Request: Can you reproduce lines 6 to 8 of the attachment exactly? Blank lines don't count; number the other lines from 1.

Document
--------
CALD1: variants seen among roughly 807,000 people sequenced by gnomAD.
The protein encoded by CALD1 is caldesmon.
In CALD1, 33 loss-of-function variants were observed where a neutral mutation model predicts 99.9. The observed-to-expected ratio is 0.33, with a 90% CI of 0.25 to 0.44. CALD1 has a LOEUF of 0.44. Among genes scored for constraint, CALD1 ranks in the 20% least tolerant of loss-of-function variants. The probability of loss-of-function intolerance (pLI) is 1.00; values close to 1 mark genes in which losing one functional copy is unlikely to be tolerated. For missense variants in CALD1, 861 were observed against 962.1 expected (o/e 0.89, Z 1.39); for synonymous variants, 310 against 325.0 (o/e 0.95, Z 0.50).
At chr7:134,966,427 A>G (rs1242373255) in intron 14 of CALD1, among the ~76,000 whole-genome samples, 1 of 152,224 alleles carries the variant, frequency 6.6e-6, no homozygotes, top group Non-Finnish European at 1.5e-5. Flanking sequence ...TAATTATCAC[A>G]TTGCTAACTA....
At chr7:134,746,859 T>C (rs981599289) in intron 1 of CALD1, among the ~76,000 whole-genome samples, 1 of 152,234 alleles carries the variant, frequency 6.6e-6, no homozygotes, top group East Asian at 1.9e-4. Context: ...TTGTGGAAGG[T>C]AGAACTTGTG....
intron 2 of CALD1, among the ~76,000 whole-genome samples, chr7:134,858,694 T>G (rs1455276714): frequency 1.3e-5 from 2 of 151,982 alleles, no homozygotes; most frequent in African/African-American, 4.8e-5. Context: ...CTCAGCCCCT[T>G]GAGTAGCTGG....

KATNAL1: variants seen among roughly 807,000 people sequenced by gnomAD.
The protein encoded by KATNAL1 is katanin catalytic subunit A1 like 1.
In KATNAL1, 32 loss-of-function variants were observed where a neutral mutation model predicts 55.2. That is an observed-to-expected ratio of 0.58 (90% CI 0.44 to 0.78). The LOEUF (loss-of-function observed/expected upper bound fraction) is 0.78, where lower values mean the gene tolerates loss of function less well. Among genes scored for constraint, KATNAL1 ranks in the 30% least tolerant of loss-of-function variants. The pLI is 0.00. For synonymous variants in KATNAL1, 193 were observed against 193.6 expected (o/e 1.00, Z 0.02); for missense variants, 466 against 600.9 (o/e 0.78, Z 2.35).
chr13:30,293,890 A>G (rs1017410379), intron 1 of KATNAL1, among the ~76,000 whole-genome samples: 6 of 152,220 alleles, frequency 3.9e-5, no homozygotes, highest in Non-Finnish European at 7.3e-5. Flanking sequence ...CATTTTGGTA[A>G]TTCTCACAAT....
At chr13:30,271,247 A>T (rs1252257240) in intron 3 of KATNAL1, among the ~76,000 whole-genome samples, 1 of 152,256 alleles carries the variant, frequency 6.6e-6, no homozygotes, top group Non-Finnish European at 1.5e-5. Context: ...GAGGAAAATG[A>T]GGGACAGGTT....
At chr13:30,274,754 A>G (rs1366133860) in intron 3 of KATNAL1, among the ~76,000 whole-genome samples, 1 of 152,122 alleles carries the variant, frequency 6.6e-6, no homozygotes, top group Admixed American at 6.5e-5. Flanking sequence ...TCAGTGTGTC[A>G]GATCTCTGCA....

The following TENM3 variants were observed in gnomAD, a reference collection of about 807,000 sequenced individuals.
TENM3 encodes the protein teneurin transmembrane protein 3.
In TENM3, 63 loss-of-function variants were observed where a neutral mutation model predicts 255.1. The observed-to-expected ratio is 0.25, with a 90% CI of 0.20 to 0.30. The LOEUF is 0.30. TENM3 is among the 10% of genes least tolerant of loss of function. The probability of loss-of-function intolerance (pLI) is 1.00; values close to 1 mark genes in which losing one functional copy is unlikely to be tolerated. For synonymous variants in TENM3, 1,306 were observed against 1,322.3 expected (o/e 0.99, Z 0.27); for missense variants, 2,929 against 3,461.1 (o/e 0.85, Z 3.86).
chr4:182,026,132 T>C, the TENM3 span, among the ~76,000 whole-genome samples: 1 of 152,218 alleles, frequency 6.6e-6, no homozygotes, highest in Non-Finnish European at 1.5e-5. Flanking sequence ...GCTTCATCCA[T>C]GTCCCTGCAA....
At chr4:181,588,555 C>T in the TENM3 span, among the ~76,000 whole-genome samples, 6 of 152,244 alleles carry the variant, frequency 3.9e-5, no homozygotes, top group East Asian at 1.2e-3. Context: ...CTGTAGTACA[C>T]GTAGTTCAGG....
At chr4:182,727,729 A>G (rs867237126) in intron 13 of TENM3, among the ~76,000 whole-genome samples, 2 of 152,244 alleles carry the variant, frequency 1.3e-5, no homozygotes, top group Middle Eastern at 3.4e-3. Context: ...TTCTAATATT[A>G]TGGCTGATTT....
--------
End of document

intron 2 of CALD1, among the ~76,000 whole-genome samples, chr7:134,858,694 T>G (rs1455276714): frequency 1.3e-5 from 2 of 151,982 alleles, no homozygotes; most frequent in African/African-American, 4.8e-5. Context: ...CTCAGCCCCT[T>G]GAGTAGCTGG....

KATNAL1: variants seen among roughly 807,000 people sequenced by gnomAD.
The protein encoded by KATNAL1 is katanin catalytic subunit A1 like 1.